South Africa eases COVID rules as population gains immunity

South Africa will no longer impose COVID-19 quarantines and stop most contact tracing — now that as much as 80 percent of the country has gained immunity from previous infections, health officials said.

Director General of Health Dr. Sandile Buthelezi announced Thursday in a release that the country will change its strategy to focus on mitigation efforts, the South African reported.

“Quarantine has been costly to essential services and society as many people stay away from their work and thus lose their income and children miss on their schooling,” the release said, Bloomberg reported. “We never identify most high risk patients.”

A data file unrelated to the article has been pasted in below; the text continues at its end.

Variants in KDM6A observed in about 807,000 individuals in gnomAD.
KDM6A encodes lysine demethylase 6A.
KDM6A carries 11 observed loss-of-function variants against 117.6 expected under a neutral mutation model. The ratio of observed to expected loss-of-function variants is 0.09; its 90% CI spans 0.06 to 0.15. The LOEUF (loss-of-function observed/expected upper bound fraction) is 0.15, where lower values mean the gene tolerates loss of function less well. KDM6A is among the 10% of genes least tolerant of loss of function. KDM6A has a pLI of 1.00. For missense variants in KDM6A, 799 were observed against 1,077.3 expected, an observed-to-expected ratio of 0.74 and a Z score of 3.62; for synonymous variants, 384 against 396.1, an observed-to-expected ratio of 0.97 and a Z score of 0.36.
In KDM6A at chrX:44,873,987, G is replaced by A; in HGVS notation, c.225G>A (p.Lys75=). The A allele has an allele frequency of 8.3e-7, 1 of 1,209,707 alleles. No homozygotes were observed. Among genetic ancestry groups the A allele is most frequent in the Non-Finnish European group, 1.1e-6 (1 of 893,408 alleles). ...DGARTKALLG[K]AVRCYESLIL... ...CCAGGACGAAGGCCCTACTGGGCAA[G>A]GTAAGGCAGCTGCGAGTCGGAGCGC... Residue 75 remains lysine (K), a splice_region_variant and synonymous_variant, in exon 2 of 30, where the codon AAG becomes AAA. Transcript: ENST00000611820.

But the health agency will continue contact tracing for outbreaks in congregate settings, in which they’ll ask people who have been exposed to get tested only if they begin showing symptoms.

“All contacts must continue with their normal duties with heightened monitoring (daily temperature testing, symptom screening) of any early signs,” the release said. “If they develop symptoms then they should be tested and be managed according to the severity of the symptoms.”

“Quarantine has been costly to essential services and society,” the country’s health department said in its release.
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The health department noted that as much as 80 percent of the population has experienced past infections, providing some immunity.

South Africa has been hit in recent weeks with a new wave of cases driven by the Omicron variant, which was first detected by scientists there in late November.

Follow the latest news on the Omicron variant with the New York Post’s live coverage

The country announced Friday that it would start to offer Johnson & Johnson vaccine boosters to anyone two months after their previous dose in an effort to shore up protection against the variant.

With Post wires